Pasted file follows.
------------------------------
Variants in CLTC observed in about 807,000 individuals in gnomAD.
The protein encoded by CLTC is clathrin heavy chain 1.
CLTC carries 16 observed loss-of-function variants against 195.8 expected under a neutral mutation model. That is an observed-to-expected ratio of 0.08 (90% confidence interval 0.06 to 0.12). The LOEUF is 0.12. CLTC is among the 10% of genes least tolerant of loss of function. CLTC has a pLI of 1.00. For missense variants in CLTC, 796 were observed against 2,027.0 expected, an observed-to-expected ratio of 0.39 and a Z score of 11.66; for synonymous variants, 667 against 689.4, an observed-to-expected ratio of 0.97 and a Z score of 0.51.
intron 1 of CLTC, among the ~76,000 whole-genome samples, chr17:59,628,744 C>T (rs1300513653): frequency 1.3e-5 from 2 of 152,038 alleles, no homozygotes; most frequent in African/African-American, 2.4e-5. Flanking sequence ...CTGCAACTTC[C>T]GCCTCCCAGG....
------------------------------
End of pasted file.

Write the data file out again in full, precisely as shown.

Variants in CLTC observed in about 807,000 individuals in gnomAD.
The protein encoded by CLTC is clathrin heavy chain 1.
CLTC carries 16 observed loss-of-function variants against 195.8 expected under a neutral mutation model. That is an observed-to-expected ratio of 0.08 (90% confidence interval 0.06 to 0.12). The LOEUF is 0.12. CLTC is among the 10% of genes least tolerant of loss of function. CLTC has a pLI of 1.00. For missense variants in CLTC, 796 were observed against 2,027.0 expected, an observed-to-expected ratio of 0.39 and a Z score of 11.66; for synonymous variants, 667 against 689.4, an observed-to-expected ratio of 0.97 and a Z score of 0.51.
intron 1 of CLTC, among the ~76,000 whole-genome samples, chr17:59,628,744 C>T (rs1300513653): frequency 1.3e-5 from 2 of 152,038 alleles, no homozygotes; most frequent in African/African-American, 2.4e-5. Flanking sequence ...CTGCAACTTC[C>T]GCCTCCCAGG....